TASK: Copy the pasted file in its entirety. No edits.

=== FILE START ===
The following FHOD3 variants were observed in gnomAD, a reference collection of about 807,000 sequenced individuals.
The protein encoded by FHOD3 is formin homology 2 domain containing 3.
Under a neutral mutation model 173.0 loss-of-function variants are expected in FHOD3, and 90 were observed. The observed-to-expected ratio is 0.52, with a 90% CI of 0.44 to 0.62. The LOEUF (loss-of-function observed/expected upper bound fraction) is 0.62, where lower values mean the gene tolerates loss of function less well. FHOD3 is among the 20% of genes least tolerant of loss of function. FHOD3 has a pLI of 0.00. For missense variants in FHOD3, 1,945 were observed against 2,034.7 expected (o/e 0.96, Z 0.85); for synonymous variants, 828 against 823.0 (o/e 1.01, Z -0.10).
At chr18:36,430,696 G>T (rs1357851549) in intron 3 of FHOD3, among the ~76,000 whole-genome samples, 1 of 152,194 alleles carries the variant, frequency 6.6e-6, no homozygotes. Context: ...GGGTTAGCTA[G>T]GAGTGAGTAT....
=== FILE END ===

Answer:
The following FHOD3 variants were observed in gnomAD, a reference collection of about 807,000 sequenced individuals.
The protein encoded by FHOD3 is formin homology 2 domain containing 3.
Under a neutral mutation model 173.0 loss-of-function variants are expected in FHOD3, and 90 were observed. The observed-to-expected ratio is 0.52, with a 90% CI of 0.44 to 0.62. The LOEUF (loss-of-function observed/expected upper bound fraction) is 0.62, where lower values mean the gene tolerates loss of function less well. FHOD3 is among the 20% of genes least tolerant of loss of function. FHOD3 has a pLI of 0.00. For missense variants in FHOD3, 1,945 were observed against 2,034.7 expected (o/e 0.96, Z 0.85); for synonymous variants, 828 against 823.0 (o/e 1.01, Z -0.10).
At chr18:36,430,696 G>T (rs1357851549) in intron 3 of FHOD3, among the ~76,000 whole-genome samples, 1 of 152,194 alleles carries the variant, frequency 6.6e-6, no homozygotes. Context: ...GGGTTAGCTA[G>T]GAGTGAGTAT....